- "Hello New York!" From Our Co-Presidents
- Volunteers and Board of Directors: the Backbone of CISV NY
- I Left Austin With a Newfound Motivation to Make a Difference in My Community
- We Were All One Ethnic Group at Mosaic
- Exploration in Pittsburgh Seminar
- Feeling Differently
- Leader & Delegate Reflect on Their Time at Village
- Little Did I Know That It Was Going to Be the Best Experience of My Life
- More Family from More Parts of the World
- Village in Lisbon, Portugal
- The Love in the Room Was Real That Night & It Was Simply Awesome
- Step Up Delegation to Sweden Plan “Race to the Oval Office”
- For the Whole Month I Felt Constant Love: To Hear the Kids Call Me ‘Ate’ Warmed My Heart
- Chapter Receives Grants / Contributions for Scholorships & Programs
- Important Dates
"Hello New York!" From Our Co-Presidents
We could not be more excited to get rolling on a whole new year of CISV in our chapter! We had an amazing year of coming together as a community and working hard to achieve our goals. We could say a lot more, but we think that the numbers speak for themselves!
This year in CISV New York, we:
(11-12 yrs) with
from the NY Metropolitan Area
(17-18 yrs) with
three Village Delegations
two Step Up Delegations
(14 yrs), Lisbon,
delegate to the Philippines
for Youth Meeting (16-18 yrs)
three delegates (and one staff) to Fortnight
(16-18 yrs) in Austin,
Jr Counselor (
16 yrs) to a
(17-18 yrs) delegates to
Mexico & Pittsburgh
In all, with the help of countless volunteers, 11 staff and five leaders, we worked to
change the lives of
89 amazing kids!!
So much gratitude to our CISV New York Community for making this possible!
We can’t wait to do it all again and we hope that you will join us! Feel free to contact us any time at
with questions, concerns, ideas, or to volunteer
Goldman, Chapter Co-Presidents
Volunteers and Board of Directors:
The Backbones of CISV NY
by Julie Harrison (Board of Directors)
Most who are reading this know that CISV is an
—we have no paid administrators, thus everything we do is coordinated and/or directed by individuals who have dedicated themselves (sometimes during entire weeks of their vacation time) to our
mission of peace education.
In that spirit, I’d like to recognize some of the folks who worked tirelessly this past year (in no particular order). Last year, we welcomed two new members to our Board of Directors.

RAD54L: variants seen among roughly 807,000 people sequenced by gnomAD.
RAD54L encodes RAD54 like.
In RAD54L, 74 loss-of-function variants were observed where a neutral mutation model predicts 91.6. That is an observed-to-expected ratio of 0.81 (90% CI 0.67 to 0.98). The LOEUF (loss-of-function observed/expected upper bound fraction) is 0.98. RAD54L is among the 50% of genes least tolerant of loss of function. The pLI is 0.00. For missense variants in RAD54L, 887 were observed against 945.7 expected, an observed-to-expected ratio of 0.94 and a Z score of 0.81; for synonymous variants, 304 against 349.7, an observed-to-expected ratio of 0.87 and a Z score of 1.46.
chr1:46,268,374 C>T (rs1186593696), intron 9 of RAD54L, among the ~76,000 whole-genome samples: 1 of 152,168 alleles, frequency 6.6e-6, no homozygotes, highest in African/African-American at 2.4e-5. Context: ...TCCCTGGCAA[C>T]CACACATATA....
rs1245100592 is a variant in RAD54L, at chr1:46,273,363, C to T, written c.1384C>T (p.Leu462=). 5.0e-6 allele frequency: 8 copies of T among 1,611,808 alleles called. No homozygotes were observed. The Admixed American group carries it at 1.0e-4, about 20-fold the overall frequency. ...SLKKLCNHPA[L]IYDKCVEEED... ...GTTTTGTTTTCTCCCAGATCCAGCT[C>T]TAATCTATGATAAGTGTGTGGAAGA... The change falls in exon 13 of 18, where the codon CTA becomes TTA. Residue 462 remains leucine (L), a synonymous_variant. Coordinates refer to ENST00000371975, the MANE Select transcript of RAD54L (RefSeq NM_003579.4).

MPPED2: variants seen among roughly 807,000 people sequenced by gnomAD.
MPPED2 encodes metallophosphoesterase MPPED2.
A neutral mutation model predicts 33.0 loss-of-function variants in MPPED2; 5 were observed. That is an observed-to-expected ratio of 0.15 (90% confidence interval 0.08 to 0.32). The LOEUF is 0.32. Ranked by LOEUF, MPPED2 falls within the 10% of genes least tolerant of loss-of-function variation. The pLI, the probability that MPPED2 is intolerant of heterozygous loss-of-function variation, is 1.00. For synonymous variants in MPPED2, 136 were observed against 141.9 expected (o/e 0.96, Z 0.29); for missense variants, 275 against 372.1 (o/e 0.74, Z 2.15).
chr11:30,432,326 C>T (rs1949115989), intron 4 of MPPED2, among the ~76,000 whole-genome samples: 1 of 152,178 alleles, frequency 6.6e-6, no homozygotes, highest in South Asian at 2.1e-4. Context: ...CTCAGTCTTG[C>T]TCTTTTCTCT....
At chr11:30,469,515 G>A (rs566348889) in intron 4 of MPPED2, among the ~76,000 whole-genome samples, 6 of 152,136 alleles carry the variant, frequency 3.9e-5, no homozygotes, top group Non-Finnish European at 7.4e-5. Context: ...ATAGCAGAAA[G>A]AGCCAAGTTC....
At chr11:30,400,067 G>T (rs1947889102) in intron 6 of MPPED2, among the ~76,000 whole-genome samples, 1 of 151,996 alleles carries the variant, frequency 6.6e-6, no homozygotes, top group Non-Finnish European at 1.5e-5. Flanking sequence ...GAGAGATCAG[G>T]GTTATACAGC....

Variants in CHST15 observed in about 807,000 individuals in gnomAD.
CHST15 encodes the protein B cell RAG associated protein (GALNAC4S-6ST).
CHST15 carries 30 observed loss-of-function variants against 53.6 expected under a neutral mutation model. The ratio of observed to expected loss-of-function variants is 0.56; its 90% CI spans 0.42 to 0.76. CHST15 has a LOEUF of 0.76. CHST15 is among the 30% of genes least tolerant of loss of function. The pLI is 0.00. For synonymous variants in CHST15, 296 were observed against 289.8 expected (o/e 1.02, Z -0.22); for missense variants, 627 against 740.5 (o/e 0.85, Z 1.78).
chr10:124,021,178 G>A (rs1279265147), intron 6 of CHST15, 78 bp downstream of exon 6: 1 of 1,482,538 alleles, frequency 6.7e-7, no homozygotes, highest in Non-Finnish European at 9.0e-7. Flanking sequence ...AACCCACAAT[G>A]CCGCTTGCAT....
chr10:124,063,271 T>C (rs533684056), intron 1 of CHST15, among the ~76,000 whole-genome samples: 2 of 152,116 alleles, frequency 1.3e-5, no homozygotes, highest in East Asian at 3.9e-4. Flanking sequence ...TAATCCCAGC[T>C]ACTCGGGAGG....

is continuing as our Recording Secretary and
is our new Leader Liaison; Co-presidents,
Jenevieve and Nina
who have kept this chapter afloat with their enthusiasm for development and attention to detail;
, our trustee who also works as webmaster, letter-writer, flight coordinator and database manager;
who directed our chapter’s three-week Seminar Camp in Connecticut, hosting 28 delegates from 16 countries, as well as trained all local staff and leaders;
who planned that Seminar with Steven throughout the year;
who planned and directed our Mosaic residential camp for a week in Upstate New York, hosting 32 delegates and five staff, including her assistant director,
, our Mosaic Chair, who recruited and worked closely with the families of Mosaic participants;
, our treasurer who has managed the books and kept us solvent;
, our longest-serving board member (over 35 years), who raises funds for our chapter;
, our new Risk Manager who is on-call when things go wrong;
, our Insurance Chair, who collects all the forms for outgoing delegates;
, a long-time board member who creates budgets and administers scholarships; all the (too many to mention by name)
selection committees, leaders
of international camps,
of local camps,
for events and delegates,
and last but not least, our
without whom this organization would not exist.
Photo above from left: Rena Altinbas, Bianca Gorman, Alanna Badgley.
I Left Austin With a Newfound Motivation to Make a Difference in My Community
by Lucy Knoepflmacher (Delegate)
, I didn’t have many expectations. I felt ambivalent about going to a place in the United States on a program with other Americans as opposed to some cool new country with people from across the globe. I felt there wouldn’t be the wide array of cultures and perspectives one may see in an international program. However, this factor ended up playing a key role in speeding up the process of forming a close community. We didn’t have a language barrier and were able to be vulnerable with one another and articulate our thoughts knowing that they would be understood. Also, there were, to my surprise, a lot of different cultures present. Each state had its own culture, from California to Delaware, and these